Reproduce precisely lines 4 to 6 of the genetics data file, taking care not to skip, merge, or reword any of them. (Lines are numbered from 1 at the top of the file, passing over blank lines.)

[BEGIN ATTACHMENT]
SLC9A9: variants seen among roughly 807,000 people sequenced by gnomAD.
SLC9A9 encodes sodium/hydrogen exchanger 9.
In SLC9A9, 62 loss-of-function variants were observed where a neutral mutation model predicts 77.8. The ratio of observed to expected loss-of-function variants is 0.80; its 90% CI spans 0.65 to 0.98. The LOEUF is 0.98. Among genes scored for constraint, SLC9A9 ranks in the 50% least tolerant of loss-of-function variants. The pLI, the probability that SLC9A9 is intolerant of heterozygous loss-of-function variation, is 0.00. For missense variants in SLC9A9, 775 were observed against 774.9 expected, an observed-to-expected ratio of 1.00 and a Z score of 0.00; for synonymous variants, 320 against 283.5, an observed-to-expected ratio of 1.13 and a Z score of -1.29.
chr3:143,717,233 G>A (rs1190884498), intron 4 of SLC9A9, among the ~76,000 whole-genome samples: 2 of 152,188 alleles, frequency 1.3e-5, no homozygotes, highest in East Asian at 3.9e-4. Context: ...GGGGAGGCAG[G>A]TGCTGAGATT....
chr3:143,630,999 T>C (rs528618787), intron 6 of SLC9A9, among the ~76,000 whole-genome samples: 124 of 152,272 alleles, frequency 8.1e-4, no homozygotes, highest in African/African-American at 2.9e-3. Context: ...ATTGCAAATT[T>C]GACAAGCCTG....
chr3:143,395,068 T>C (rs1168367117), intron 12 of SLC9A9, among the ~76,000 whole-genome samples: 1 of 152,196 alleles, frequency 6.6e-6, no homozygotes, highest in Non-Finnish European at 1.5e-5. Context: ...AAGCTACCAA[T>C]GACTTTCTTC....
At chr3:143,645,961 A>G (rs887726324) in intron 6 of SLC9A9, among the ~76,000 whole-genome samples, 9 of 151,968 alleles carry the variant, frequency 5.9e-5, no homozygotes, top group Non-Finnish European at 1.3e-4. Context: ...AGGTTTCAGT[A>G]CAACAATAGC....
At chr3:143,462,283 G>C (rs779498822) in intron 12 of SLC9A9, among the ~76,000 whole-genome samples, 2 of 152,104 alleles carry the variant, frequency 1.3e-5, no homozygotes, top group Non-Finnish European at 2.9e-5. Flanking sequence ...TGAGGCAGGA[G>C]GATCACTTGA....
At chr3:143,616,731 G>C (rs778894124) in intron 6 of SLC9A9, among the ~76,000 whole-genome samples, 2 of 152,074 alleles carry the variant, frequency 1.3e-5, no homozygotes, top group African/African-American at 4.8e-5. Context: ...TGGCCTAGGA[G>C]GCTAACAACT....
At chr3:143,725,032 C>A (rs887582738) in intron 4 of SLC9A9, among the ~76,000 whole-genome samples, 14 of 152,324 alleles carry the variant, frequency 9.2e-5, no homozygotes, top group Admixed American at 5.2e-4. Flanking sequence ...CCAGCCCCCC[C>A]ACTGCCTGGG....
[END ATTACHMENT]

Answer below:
chr3:143,717,233 G>A (rs1190884498), intron 4 of SLC9A9, among the ~76,000 whole-genome samples: 2 of 152,188 alleles, frequency 1.3e-5, no homozygotes, highest in East Asian at 3.9e-4. Context: ...GGGGAGGCAG[G>A]TGCTGAGATT....
chr3:143,630,999 T>C (rs528618787), intron 6 of SLC9A9, among the ~76,000 whole-genome samples: 124 of 152,272 alleles, frequency 8.1e-4, no homozygotes, highest in African/African-American at 2.9e-3. Context: ...ATTGCAAATT[T>C]GACAAGCCTG....
chr3:143,395,068 T>C (rs1168367117), intron 12 of SLC9A9, among the ~76,000 whole-genome samples: 1 of 152,196 alleles, frequency 6.6e-6, no homozygotes, highest in Non-Finnish European at 1.5e-5. Context: ...AAGCTACCAA[T>C]GACTTTCTTC....